In the center I planted coneflowers, blazing star liatris, rosemary (transplant from the herb garden), there were mystic spires, diplademia, mexican bush sage, tickseed, pentas, rudbekia and the goldenrod that was already getting too tall where I placed it. This is a bed with lots of existing agapanthus and every one of them was separated that could be separated to create more of them for a really nice show by next year... let's hope. Oh ... and okra and radishes were seed planted in spots... just for fun.

A clump of caladium bulbs (Rosebud) went in the ground in late June between the pink pentas and coneflowers and the goldenrod was getting too tall. So I trimmed it back to half its size. This severeness made me wonder if it would bloom when fall rolled around.
I forgot about the cosmos and zinnia seeds planted in the (then) spaces between the goldenrod and the sage. They got so tall even though I kept pruning them back that I finally yanked them out after a couple flushes of blooms and lots of staking and tying.

This scene was a happy welcome but the wildflowers were not really working for me yet. The tickseed bloomed but didn't last. Not enough sun I think ... not really sure... it just sort of rotted out. So ground orchids have replaced them. They are doing great. Wouldn't you know!

By August my attempt at a wildflower garden was just not happening. Not at all the vision I saw in my mind's eye back in December. There was lots of greenery but only a few blooms. The Rudbekia finally had buds galore so it was a wait to see if they would actually open.
They were sold as Rudbekia Black-eyed Susans but I'm pretty sure they must be Rudbekia triloba. Sweet and small and short... not exactly what I had envisioned either. I DO like them at the feet of the goldenrod this month as they've flushed out ever so demurely.

The caladiums are fading and the goldenrod is falling over. The coneflowers rotted when we had several straight days of rain. The mexican bush sage is very tall but a little lanky for my liking.
I'm beginning to think wildflowers are just not suited for Hoe and Shovel. Or I still have lots to learn about what they need.
I'm okay with it. Let's just say I'm still looking for my wildflower side; Haven't quite gotten it together yet.
I HAVE thoroughly loved the goldenrod right along with all the bees and flying critters. At least they are speaking to that sense of autumn 'in the air' with their golden hues so bright and cheery. Not only that but they had the courtesy to bloom so nicely. For that I am grateful.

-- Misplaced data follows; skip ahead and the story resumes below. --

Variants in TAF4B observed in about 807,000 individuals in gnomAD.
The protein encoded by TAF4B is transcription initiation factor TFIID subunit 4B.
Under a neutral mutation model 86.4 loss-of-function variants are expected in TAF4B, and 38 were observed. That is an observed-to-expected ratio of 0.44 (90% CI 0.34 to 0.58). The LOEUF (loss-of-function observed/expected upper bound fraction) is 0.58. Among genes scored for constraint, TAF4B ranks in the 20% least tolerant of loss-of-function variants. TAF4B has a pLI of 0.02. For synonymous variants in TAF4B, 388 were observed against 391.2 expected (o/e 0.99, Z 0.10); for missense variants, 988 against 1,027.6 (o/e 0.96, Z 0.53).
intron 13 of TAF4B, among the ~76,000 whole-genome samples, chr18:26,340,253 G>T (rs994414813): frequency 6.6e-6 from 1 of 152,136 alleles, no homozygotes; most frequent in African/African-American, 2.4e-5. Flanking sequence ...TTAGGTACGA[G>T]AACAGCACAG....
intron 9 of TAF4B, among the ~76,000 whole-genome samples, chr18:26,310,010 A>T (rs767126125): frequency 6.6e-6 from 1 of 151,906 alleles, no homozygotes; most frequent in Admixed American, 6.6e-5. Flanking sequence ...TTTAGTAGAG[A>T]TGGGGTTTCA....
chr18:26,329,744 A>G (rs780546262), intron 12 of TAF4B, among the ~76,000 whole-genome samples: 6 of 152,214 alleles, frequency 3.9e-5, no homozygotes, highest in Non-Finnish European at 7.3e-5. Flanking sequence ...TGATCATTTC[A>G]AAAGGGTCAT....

18 comments:

Lisa at Greenbow said...

Those wildlings are just the right thing for your garden Meems. I love the look. It looks like the caladiums are trying to keep those wildlings in check. Sweet.

garden girl said...

Hey Meems! Warm Congratulations on your Blotanical award - no surprise to me.

I'm in process of finding my wildflower side too, especially this year. Unfortunately the squirrels and rabbits have long since found their wildflower sides and have chewed most of my natives to the ground in the past couple of weeks! Oh well. . . there's always next year!

Your gardens are food for the soul, even in photos. Beautiful, really, really, so beautiful!

Patricia said...

I love this post, Meems. Of course, it's the landscaping side that I am missing.

Gail said...

Dear meems, I've been so excited that you've gone on a wildflower journey! They are wonderful plants and the bees and butterflies love them. I remember when you, marmee and your mom went on a mountain trip together...the wildflowers really captured your heart then. Although, I love the look of the lanky salvia and goldenrod, it does take some getting used to~~ Goldenrod is happy no matter what we throw at it. I wonder if your Live Oak leaf molded soil is too rich! Many wildflowers prefer lean soils. It might be that native Southern Florida plants are wild enough and will be happier. Is the ground orchid a native? Thank you for the link love! Have a sweet weekend. gail